Person A is in the job market, far beyond entry level, requiring education and experience in the field. Person B, a good friend of A, hears of opportunities at company C. B is in contact with C, as they are doing work for B. B tells both parties about each other.

A tells B that he is going to apply.

Later in the week B sends an email to an employee at C for a different matter, but actually wants to make sure that C knows that the application they have gotten from A is from the person he knows and told them about. B says in the email that he has heard A has sent an application. The employee at C says that they haven't received anything.

A hasn't sent an application yet, and is now portrayed as less than truthful.

Can A somehow save this? And how?

(This is not about the legality of the actions, as in some juriditions it might be illegal to ask about or divulge informations about applicants).

Related: Right time to ask somebody to drop a good word for you during interview process

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    Please clarify whether you are A, B or C. Hypothetical questions don't tend to lead to useful answers. – Philip Kendall Feb 21 '16 at 15:45
  • 1
    Voting to close as unclear what you're asking because why does A need to save anything? He told B that he is going to apply, and B emailed C that A has already applied. – Masked Man Feb 21 '16 at 16:49
  • For the record, this is confusing and unnecessarily complicated. Keep it simple and explain it in step-by-step timeline format if that is the issue. Sounds a like a referral issue? I can't really tell though. – G.T.D. Feb 21 '16 at 19:20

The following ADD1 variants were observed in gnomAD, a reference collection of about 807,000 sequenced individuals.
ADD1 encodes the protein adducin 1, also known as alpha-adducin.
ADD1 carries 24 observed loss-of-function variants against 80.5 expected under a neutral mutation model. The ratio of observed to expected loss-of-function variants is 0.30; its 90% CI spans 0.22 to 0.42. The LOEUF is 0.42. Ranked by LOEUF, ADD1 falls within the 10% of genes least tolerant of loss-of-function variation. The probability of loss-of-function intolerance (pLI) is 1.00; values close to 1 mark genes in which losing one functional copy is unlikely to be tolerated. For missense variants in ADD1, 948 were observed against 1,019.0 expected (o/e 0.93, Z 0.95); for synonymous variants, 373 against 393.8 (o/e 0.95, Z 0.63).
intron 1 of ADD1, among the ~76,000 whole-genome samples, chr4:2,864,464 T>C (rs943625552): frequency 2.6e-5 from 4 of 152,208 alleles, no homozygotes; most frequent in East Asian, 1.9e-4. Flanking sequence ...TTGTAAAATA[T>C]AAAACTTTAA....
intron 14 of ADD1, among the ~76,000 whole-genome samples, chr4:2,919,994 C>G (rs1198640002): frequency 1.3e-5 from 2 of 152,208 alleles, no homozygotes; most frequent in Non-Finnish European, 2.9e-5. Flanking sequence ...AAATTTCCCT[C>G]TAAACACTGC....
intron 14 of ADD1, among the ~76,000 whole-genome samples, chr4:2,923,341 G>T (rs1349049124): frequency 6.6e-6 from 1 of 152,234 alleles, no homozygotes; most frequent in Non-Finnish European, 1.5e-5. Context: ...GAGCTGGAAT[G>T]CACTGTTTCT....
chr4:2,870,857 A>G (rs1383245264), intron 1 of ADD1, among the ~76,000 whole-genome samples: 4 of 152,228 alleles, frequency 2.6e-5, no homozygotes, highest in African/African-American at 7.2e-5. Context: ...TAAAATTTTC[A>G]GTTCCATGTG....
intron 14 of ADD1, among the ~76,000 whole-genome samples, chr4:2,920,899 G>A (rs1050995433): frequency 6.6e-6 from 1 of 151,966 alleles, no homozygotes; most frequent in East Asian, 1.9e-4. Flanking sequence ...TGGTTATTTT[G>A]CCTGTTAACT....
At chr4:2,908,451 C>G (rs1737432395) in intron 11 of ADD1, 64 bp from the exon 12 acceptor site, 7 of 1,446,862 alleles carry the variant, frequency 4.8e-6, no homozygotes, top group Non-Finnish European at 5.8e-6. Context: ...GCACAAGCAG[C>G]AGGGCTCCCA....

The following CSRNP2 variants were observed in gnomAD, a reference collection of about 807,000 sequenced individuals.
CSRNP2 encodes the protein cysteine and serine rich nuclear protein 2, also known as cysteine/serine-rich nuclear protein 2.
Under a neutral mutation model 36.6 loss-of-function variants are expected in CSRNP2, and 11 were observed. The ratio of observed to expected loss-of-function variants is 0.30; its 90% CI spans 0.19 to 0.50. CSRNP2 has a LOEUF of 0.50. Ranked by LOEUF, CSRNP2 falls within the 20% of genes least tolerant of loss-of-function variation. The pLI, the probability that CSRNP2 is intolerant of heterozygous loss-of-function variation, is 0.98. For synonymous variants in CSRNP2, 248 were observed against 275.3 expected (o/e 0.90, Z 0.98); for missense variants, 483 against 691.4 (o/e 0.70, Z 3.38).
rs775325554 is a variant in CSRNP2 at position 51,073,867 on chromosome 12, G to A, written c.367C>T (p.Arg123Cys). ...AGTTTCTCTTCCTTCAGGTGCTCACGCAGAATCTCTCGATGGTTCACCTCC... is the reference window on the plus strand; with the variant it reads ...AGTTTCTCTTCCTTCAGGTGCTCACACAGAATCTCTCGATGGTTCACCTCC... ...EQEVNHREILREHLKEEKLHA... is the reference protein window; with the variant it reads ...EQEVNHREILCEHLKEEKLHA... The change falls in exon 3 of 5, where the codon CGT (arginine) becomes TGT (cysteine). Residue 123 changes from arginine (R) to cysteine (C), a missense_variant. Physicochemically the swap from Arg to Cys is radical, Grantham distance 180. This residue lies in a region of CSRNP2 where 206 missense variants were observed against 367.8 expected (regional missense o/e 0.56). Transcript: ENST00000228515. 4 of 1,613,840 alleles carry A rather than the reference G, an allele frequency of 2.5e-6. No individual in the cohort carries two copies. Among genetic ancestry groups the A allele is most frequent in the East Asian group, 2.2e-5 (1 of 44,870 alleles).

• Why on earth do you think that A "is now portrayed as less than truthful" ? – Carson63000 Feb 21 '16 at 23:18
  • ok to close/delete – Bent Feb 22 '16 at 9:13

I don't see the problem here.

B told C (incorrectly) that A sent an application to C.

How and why would that suddenly be A's problem? B made a fairly trivial mistake - it could happen to anyone.

If I were A, I'd send in my application and not worry about trivial matters.

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  • Agree the only issue might be between A and B if A told B that he had sent in the application but for some reason hadn't. But that would just warrant an apology and doesn't sound like a big deal. – Martin Smith Feb 21 '16 at 16:13

Can A somehow save this? And how?

Yes, by submitting a strong application. If A told B that A was going to apply and B misheard that or misestimated the time delay for when he should shift temporal tenses, that's an understandable mistake B made. If C notices an inconsistency, it could be attributed to B rather than A, but would still be a minor matter compared to the actual contents of the application. If it is a big deal to C, C could ask about it at an interview, but probably they won't care, once they get your application.

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